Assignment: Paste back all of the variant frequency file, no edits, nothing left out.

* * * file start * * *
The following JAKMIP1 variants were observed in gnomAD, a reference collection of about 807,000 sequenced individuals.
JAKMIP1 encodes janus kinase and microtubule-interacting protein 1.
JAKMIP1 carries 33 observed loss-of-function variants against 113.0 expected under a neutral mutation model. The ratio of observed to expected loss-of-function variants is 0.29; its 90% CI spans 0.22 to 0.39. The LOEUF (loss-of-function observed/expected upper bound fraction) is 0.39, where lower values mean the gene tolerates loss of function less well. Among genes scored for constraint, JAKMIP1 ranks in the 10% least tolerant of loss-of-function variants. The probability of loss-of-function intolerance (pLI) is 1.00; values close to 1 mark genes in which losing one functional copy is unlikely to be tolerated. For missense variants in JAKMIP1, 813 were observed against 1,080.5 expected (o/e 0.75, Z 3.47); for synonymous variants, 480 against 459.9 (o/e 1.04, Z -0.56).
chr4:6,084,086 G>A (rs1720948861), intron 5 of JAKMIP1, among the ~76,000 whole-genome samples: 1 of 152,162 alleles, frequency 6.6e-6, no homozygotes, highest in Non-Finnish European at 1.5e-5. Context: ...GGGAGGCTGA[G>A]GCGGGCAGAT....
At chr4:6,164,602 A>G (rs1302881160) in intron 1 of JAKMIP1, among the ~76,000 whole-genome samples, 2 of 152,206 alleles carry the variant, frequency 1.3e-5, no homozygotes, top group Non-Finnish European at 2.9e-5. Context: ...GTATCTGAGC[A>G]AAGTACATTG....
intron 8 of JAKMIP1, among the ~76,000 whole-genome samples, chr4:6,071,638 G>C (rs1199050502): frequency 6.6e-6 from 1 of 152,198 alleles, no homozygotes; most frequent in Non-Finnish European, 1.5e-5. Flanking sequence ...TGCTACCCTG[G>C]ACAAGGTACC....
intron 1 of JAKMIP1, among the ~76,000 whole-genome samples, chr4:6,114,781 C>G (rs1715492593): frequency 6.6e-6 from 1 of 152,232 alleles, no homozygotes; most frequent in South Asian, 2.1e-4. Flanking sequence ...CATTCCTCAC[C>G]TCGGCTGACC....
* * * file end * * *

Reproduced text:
The following JAKMIP1 variants were observed in gnomAD, a reference collection of about 807,000 sequenced individuals.
JAKMIP1 encodes janus kinase and microtubule-interacting protein 1.
JAKMIP1 carries 33 observed loss-of-function variants against 113.0 expected under a neutral mutation model. The ratio of observed to expected loss-of-function variants is 0.29; its 90% CI spans 0.22 to 0.39. The LOEUF (loss-of-function observed/expected upper bound fraction) is 0.39, where lower values mean the gene tolerates loss of function less well. Among genes scored for constraint, JAKMIP1 ranks in the 10% least tolerant of loss-of-function variants. The probability of loss-of-function intolerance (pLI) is 1.00; values close to 1 mark genes in which losing one functional copy is unlikely to be tolerated. For missense variants in JAKMIP1, 813 were observed against 1,080.5 expected (o/e 0.75, Z 3.47); for synonymous variants, 480 against 459.9 (o/e 1.04, Z -0.56).
chr4:6,084,086 G>A (rs1720948861), intron 5 of JAKMIP1, among the ~76,000 whole-genome samples: 1 of 152,162 alleles, frequency 6.6e-6, no homozygotes, highest in Non-Finnish European at 1.5e-5. Context: ...GGGAGGCTGA[G>A]GCGGGCAGAT....
At chr4:6,164,602 A>G (rs1302881160) in intron 1 of JAKMIP1, among the ~76,000 whole-genome samples, 2 of 152,206 alleles carry the variant, frequency 1.3e-5, no homozygotes, top group Non-Finnish European at 2.9e-5. Context: ...GTATCTGAGC[A>G]AAGTACATTG....
intron 8 of JAKMIP1, among the ~76,000 whole-genome samples, chr4:6,071,638 G>C (rs1199050502): frequency 6.6e-6 from 1 of 152,198 alleles, no homozygotes; most frequent in Non-Finnish European, 1.5e-5. Flanking sequence ...TGCTACCCTG[G>C]ACAAGGTACC....
intron 1 of JAKMIP1, among the ~76,000 whole-genome samples, chr4:6,114,781 C>G (rs1715492593): frequency 6.6e-6 from 1 of 152,232 alleles, no homozygotes; most frequent in South Asian, 2.1e-4. Flanking sequence ...CATTCCTCAC[C>G]TCGGCTGACC....